If you just want access to region-blocked (also called ‘geo-blocked’) websites such as Hulu, Netflix, Amazon Prime Instant Video, Pandora, Spotify, or even websites that block American users (such as BBC’s iPlayer), your best option is a DNS-based filter-dodging service.
These services work almost like magic. After you change your DNS server to the service’s DNS address, it will handle all the dirty work in the background. When you connect to Netflix, Netflix will see you as a US resident. When you connect to BBC iPlayer, BBC will see you as a UK resident. You can connect to both websites at the same time, and your connection will always appear to be coming from the correct country.
Best of all, you’ll receive full streaming video speeds on these websites. Your computer connects directly to the service itself—only small parts of the traffic are tunneled through the DNS service’s proxy servers. You won’t need to manage a VPN connection or deal with VPN latency when streaming media.
While OpenDNS and Google Public DNS are free for consumer use, most DNS services that allow you to watch streaming media services from non-supported countries charge access fees. If you’re willing to pay, UnoTelly’s UnoDNS is only $5 a month and will give you access to a wider variety of geo-blocked websites, including Netflix. Unblock Us offers a similar service.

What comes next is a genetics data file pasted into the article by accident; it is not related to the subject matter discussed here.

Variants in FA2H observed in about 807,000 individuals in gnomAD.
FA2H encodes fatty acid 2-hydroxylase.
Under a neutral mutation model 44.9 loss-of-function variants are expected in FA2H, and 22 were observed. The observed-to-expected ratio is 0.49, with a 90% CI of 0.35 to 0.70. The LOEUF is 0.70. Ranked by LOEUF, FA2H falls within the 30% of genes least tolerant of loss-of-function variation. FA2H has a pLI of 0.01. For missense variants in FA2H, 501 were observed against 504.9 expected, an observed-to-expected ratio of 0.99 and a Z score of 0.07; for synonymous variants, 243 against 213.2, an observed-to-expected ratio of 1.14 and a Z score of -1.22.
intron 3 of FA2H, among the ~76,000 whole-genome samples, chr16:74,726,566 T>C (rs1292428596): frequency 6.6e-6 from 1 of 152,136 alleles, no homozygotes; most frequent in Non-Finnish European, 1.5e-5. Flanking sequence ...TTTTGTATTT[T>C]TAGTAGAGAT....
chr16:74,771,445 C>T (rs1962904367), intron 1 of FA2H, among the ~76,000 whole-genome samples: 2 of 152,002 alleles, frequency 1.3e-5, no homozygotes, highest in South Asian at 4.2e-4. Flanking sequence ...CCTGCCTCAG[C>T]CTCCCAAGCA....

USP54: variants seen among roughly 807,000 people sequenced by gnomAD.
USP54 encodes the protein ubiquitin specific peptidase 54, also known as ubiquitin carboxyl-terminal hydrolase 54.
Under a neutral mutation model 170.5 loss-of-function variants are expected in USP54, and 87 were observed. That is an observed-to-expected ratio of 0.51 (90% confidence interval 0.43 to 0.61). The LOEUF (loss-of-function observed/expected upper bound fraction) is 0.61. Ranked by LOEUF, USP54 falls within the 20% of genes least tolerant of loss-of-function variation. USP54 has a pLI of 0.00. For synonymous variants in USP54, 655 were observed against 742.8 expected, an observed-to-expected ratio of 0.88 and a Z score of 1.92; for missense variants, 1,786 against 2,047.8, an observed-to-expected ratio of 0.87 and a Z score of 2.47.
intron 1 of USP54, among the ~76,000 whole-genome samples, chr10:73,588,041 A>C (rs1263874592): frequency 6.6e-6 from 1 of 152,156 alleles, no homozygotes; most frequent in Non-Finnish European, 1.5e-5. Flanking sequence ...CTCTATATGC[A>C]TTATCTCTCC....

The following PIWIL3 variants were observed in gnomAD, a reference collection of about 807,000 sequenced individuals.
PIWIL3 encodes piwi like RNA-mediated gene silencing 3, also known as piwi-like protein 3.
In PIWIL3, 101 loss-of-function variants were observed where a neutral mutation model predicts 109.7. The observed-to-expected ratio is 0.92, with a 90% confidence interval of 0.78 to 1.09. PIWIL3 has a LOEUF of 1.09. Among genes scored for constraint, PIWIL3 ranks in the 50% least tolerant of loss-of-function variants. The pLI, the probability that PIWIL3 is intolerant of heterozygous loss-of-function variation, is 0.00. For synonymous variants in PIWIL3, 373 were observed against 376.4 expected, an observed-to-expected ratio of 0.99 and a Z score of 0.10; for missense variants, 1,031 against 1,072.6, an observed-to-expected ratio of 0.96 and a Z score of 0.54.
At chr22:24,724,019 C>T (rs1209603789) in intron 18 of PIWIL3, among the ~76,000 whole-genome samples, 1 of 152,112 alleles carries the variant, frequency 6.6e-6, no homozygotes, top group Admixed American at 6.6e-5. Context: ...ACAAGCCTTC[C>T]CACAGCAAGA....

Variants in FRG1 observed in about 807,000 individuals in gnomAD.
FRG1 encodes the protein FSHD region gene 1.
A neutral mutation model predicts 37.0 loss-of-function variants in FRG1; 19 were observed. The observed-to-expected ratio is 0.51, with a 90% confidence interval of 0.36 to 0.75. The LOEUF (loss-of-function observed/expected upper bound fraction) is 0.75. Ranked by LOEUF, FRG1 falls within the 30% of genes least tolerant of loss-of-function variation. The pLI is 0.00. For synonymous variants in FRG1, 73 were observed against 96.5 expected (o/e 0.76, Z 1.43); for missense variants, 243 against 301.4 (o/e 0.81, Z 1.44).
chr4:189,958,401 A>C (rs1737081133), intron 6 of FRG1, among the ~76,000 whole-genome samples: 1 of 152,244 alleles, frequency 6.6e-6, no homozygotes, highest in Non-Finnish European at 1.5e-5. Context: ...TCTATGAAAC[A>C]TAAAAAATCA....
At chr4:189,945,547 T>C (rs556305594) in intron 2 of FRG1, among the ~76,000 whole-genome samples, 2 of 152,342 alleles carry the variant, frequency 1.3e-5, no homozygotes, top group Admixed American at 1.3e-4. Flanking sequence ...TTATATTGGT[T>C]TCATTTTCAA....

Each service will walk you through changing the DNS address on your network. You’ll want to do this on your router, if possible—this ensures all devices on your network, including your Xbox and iPad, will transparently use the service. However, you can also change the DNS address for your computer alone.
To do so, navigate to Control Panel > View network status and tasks > [Your network connection’s name] > Properties > Internet Protocol Version 4 > Properties > Use the following DNS server addresses.
Proxies aren’t as secure as a VPN, nor are they as convenient as a new DNS server. However, they do offer some benefits. You can use a web-based proxy to easily bypass a workplace content filter without changing any settings on your computer. You could also set a browser to use a proxy server and use that browser only when accessing blocked websites. If you used multiple browsers, you could have one browser using a proxy server and one that doesn’t. It’s not an all-or-nothing solution like a VPN.
The aptly named Hide My Ass is a popular web-based proxy. Just visit the website, plug in a web address, and you’ll access it via the free proxy. This should get you past a basic content filter—unless the administrator’s blocking the proxy itself, in which case you’ll want to try another proxy. What’s the catch? The service embeds advertising in a frame at the top of the website.